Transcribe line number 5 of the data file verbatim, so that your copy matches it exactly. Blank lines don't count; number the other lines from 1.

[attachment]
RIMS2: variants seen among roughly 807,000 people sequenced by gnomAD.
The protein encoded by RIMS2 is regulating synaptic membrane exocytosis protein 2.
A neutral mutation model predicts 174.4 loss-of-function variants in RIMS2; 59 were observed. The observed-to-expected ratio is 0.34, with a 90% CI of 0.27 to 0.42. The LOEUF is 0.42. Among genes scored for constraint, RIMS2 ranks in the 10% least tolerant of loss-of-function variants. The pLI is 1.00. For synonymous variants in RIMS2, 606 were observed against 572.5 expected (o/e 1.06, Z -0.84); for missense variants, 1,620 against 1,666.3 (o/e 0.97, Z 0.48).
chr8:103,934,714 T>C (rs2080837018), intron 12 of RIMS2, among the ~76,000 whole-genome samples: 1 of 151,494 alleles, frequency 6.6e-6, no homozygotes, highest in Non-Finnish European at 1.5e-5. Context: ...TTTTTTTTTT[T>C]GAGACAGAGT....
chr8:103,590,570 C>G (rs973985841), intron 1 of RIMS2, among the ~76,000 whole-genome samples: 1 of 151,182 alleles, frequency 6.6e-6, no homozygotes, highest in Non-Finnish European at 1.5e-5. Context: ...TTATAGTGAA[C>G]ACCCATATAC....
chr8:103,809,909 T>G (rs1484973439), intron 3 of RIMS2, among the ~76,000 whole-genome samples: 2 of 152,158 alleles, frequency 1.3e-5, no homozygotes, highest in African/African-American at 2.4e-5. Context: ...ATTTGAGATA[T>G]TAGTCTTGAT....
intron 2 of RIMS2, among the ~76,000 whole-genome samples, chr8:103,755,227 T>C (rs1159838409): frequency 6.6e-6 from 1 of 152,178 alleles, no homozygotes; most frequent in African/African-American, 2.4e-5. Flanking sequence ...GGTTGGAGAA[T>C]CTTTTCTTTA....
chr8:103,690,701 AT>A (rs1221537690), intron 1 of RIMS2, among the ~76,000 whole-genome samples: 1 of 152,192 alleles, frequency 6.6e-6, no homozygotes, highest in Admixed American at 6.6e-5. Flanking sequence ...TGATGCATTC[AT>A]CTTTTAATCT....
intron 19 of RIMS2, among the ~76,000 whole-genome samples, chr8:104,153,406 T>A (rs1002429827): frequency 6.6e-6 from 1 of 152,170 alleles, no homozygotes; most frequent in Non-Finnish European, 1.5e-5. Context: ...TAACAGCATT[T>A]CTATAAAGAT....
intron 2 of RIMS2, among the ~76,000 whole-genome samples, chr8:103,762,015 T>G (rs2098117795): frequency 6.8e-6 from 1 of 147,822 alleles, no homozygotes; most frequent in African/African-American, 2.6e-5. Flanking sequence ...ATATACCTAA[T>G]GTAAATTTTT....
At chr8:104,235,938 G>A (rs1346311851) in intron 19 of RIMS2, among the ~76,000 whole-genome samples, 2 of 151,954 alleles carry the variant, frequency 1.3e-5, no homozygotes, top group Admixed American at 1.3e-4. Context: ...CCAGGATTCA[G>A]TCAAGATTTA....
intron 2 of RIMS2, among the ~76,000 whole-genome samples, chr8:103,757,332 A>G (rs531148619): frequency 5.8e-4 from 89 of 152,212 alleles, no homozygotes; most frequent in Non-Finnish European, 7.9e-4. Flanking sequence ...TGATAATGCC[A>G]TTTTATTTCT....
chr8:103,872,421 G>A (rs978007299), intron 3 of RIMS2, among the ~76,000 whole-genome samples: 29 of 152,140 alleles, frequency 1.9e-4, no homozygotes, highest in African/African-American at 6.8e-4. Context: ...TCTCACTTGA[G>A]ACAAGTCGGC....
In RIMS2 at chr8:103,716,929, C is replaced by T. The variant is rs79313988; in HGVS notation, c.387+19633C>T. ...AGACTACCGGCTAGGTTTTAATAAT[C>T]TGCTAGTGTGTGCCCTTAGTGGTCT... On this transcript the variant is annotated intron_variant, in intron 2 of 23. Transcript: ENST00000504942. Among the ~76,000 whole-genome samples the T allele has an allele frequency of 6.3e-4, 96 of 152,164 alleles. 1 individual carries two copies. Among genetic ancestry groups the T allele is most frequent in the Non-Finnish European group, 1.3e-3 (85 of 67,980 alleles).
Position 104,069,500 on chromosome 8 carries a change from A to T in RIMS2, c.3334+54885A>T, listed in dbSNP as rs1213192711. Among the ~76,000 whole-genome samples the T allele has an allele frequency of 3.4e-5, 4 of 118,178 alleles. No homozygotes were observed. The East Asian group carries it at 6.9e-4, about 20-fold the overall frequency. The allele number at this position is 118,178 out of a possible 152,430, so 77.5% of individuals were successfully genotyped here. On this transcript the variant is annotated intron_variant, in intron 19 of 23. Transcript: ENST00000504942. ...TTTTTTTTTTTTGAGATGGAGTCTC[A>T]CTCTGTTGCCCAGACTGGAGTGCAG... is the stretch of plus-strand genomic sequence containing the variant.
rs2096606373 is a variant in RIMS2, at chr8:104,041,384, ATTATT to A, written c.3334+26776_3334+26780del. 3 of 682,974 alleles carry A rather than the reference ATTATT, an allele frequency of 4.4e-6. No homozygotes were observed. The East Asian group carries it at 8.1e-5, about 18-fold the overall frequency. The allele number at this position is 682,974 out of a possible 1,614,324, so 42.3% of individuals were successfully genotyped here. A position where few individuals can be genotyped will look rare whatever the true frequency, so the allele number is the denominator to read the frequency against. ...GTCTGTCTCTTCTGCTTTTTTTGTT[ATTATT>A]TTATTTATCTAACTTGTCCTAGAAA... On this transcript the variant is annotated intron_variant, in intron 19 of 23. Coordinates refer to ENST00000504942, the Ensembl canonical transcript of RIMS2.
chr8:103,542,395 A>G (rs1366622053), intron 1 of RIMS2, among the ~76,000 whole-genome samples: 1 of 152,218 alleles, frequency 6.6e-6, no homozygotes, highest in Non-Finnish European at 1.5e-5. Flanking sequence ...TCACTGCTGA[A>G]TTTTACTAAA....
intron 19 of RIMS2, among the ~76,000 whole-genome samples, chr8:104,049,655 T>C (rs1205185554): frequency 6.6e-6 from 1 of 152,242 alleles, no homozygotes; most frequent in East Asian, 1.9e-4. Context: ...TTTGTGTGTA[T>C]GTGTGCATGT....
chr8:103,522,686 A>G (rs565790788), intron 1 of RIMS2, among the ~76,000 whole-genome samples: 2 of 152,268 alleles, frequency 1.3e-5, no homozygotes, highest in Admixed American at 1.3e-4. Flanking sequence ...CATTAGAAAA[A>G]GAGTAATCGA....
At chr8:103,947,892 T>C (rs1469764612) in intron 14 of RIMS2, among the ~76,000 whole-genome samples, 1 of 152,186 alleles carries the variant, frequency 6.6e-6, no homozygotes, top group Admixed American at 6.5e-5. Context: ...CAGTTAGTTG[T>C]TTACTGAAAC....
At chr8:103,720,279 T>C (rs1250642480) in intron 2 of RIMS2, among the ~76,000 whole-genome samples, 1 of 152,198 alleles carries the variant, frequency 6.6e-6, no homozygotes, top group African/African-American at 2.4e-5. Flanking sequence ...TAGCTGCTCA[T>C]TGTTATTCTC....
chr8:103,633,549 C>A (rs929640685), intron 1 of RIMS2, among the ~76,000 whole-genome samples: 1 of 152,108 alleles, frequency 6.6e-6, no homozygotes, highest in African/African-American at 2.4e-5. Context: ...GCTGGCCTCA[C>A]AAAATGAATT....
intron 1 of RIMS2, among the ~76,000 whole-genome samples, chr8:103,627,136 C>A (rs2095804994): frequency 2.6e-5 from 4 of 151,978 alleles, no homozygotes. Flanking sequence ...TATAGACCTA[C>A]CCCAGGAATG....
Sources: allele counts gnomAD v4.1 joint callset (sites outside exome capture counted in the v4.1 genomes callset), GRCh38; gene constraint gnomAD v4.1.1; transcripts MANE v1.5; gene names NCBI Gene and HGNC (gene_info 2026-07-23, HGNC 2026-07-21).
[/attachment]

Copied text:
chr8:103,590,570 C>G (rs973985841), intron 1 of RIMS2, among the ~76,000 whole-genome samples: 1 of 151,182 alleles, frequency 6.6e-6, no homozygotes, highest in Non-Finnish European at 1.5e-5. Context: ...TTATAGTGAA[C>G]ACCCATATAC....